Crime Library: Criminal Minds and Methods

Forensic Toxicology

Conspiracy and Napoleon

As forensic science acquired increasingly more sophisticated means for analysis, revisiting history to see if anything more could be learned from seemingly unsolved cases became irresistible.   As long as hair, bone or tissue remained, it was possible to make a more definitive report than had been done using the primitive means of the past.

A case in point was Napoleon, the French Emperor who died in May 1821.   A man who had made his mark across Europe as a military genius and whose life and death are still the subject of fascination, he was exiled to the island of St. Helena to live out his days as a captive of England.  Some say he died there of stomach cancer or a liver disorder.  Others insist there was a conspiracy to bring about his end with the gradual introduction of poison.  Some even believe that he did not die, but had an impersonator die in his place.   

Napoleon, says Robert H. Goldsmith, was 47 and in good health when he arrived for his second term of exile after the 1815 defeat at the Battle of Waterloo, but he deteriorated fairly quickly.   Since he'd escaped from his first exile residence on Elba and had roused an enthusiastic following for three months in an effort to reclaim his throne, people had reason to fear that he might do so again.  But his health soured as his legs swelled up, he suffered numerous aches and pains, and experienced headaches, diarrhea, and sleep disorders.  It went on like this for about six years, with jaundice setting in, and during the weeks prior to his death he experienced episodes of severe vomiting.  He hinted that he was being poisoned, a claim not so far-fetched in light of the fact that one of his companions and two of his servants died there.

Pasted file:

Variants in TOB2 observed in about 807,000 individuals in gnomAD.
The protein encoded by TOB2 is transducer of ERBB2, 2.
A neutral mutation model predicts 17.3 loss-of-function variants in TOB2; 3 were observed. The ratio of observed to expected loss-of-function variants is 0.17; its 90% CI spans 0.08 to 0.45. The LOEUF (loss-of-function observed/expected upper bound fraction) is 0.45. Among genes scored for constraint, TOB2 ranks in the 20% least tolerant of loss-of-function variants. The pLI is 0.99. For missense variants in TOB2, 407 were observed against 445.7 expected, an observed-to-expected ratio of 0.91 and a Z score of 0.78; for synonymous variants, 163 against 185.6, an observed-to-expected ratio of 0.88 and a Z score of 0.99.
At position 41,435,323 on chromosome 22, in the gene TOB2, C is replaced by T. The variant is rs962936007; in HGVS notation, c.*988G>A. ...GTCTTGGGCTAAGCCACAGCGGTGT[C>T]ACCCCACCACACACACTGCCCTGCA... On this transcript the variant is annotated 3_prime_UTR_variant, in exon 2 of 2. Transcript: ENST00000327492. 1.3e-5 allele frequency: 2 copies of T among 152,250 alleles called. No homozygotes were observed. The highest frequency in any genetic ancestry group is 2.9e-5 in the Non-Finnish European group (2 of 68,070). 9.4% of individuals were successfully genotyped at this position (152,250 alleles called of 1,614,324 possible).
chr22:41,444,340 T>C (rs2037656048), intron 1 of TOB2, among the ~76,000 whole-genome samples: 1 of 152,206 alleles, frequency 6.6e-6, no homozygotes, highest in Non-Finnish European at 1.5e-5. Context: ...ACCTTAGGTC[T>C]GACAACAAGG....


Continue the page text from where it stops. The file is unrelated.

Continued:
Painting of Napoleon Bonaparte
Painting of Napoleon Bonaparte
 

In 1840, Napoleon's grave on the island was opened, and his body was quite well-preserved.   He was moved from there to his current entombment in Paris.

During the early 1960s, a team made up of a dentist, an amateur toxicologist and a Napoloana collector who had read the memoir of an eyewitness (Napoleon's valet) reviewed Napoleon's symptoms and noticed that they were consistent with those of gradual arsenic poisoning.   So was the preserved condition of his unembalmed body after nineteen years in the grave.  The team obtained samples of his hair, which were reputed to have been removed on the day after he died. 

Applying neutron activation analysis, they found what they believed was a higher than normal level of arsenic in the hair sample, as well as evidence of gradual introduction of the arsenic over time.   That seemed to close the case: Napoleon had been murdered.

Yet 20 years later, a hair sample taken from a staff officer present on the island with Napoleon and subjected to different technology, found normal arsenic levels but elevated levels of antinomy.   Mercury and antinomy had been found to complicate an analysis for arsenic.

Others jumped in with explanations about how arsenic could have been present in Napoleon without necessarily being administered by a secretive murderer.   Arsenic was commonly used in wallpaper, says one.  Also, many medications at the time contained arsenic.  Medical examiner Cyril Wecht points out that samples of Napoleon's hair taken at different times during his life, not just on the island, had shown elevated arsenic readings, and that a 2002 article indicates that arsenic was commonly used in hair products at the time. 

Yet there are problems with these counter-arguments, and the case of Napoleon has not yet been definitively resolved.   Perhaps some technology yet in the future will do the trick.

Besides arsenic, other poisons have been used in murders, and a recent case showed how essential the time line developed from the hair growth can be.   The circumstances don't always yield the whole story.

 

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